As an awareness of mental disorders (anxiety, depression, etc.) has been brought more and more to the forefront lately, it's interesting to look at an Instagram post last month from Jane the Virgin star Gina Rodriguez. In the 10-second video captured by a photographer friend, she wears no makeup, her hair is pulled back and hidden by a New York Yankees cap, and it’s clear she’s struggling to hide her discomfort. In her caption, she wrote, in part, “I suffer from anxiety. And watching this clip I could see how anxious I was but I empathize with myself. I wanted to protect her and tell her it's ok to be anxious, there is nothing different or strange about having anxiety and I will prevail.”
Approximately one in five adults in the U.S. deal with some kind of mental-health condition in a given year, yet in 2017 people still don’t talk about it. Why is this alarming? Well, for starters, a multinational study that came out in 2011 found that a sample of 18 mental disorders, ranging from social phobia and PTSD to depression and anxiety, actually increased the likelihood of a couple getting divorced. Yikes.
That’s why it’s so important to be proactive about dealing with this kind of issue with your partner. Carrie Cole, a master certified trainer and the director of research at the Gottman Institute (a nonprofit working to strengthen relationships), says many people don’t really stop to consider what the promise of “in sickness and in health” could truly mean. Too often, people equate “sickness” with physical distress, such as being debilitated by a car accident, but don’t consider what toll mental distress may also take on a relationship.
“When people are starting out their life together,” she says, “there’s a couple of things they’re working on: trust and commitment. The question is, ‘Will you be there for me, not just in the good times but in the bad times?’”
For people who are living with a mental disorder, it’s important to disclose that to your partner long before you’re picturing the color scheme of your wedding. “If somebody has some kind of struggle, like depression, anxiety, or bipolar disorder, their partner needs to know what they’re in for. Everybody has quirks,” Cole says. “When you sign up for a marriage or a committed relationship, it’s kind of like buying a house: There are good parts and then there are bad parts about every house. And so, you have to accept the bad with the good. Usually, the good really outweighs the bad (by a lot). But there are going to be those times when somebody is not at their finest.”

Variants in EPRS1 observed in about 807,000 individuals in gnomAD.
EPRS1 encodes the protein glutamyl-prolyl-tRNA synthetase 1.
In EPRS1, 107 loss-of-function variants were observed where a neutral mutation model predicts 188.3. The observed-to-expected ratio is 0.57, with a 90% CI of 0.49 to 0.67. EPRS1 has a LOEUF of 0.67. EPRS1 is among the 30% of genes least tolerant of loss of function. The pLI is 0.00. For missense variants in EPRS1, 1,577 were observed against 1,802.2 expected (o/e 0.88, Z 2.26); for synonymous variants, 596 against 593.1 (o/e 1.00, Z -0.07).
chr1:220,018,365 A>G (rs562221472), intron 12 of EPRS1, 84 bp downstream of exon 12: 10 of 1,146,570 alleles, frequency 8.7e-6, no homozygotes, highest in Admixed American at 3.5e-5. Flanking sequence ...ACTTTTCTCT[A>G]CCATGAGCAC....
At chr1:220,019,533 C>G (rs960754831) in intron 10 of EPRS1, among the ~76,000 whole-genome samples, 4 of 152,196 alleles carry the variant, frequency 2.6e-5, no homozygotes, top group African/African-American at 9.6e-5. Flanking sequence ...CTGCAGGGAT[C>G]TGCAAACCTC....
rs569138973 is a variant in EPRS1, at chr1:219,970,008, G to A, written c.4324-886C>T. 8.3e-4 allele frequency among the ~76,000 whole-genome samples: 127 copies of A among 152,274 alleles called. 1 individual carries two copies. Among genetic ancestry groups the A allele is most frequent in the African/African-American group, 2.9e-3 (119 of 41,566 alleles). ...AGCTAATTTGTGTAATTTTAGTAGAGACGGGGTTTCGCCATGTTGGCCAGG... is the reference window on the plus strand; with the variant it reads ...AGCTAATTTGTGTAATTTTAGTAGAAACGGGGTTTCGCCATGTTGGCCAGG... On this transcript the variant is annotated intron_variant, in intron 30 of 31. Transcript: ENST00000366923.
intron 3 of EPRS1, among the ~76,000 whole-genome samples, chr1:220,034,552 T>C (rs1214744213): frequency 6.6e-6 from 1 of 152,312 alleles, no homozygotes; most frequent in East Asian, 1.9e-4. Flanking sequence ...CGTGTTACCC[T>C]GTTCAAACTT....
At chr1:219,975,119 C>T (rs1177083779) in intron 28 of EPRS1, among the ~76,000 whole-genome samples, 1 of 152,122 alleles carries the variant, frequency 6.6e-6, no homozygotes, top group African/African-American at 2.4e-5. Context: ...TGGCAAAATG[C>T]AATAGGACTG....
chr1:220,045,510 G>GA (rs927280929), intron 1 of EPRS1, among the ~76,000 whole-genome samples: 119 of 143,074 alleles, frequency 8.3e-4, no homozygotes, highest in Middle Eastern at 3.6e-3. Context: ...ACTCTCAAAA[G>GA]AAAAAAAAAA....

An explainer from the National Alliance on Mental Illness on addressing mental health in romantic relationships suggests people who are ramping up to have this discussion with their partner consider using the “sandwich” strategy: “Start by saying positive things about your relationship,” the Web page reads. “Tell your partner that because of your love and support, you have to share something potentially difficult. After describing your mental health condition, finish on a more positive note by describing what treatments you’ve followed, what has helped you, and what you’ve learned about yourself and other people as a result of mental illness.”
Cole says another way to broach the topic is to ask some open-ended questions about mental health—such as “What do you believe about mental health?” The goal, she explains, is to see if your partner considers these issues to be legitimate health concerns. “And that’s something to take seriously, especially if a person is prone to something like anxiety and their partner is dismissive of that. That’s not going to be helpful for that person, and they’re going to end up feeling emotionally abandoned through the hardest times in their lives.”
The good news is that most people find that having these hard conversations with their partner strengthens their relationship. And if you’re talking about tying the knot, here’s even better news: A recent study found that getting married provides a mental-health boost for both men and women.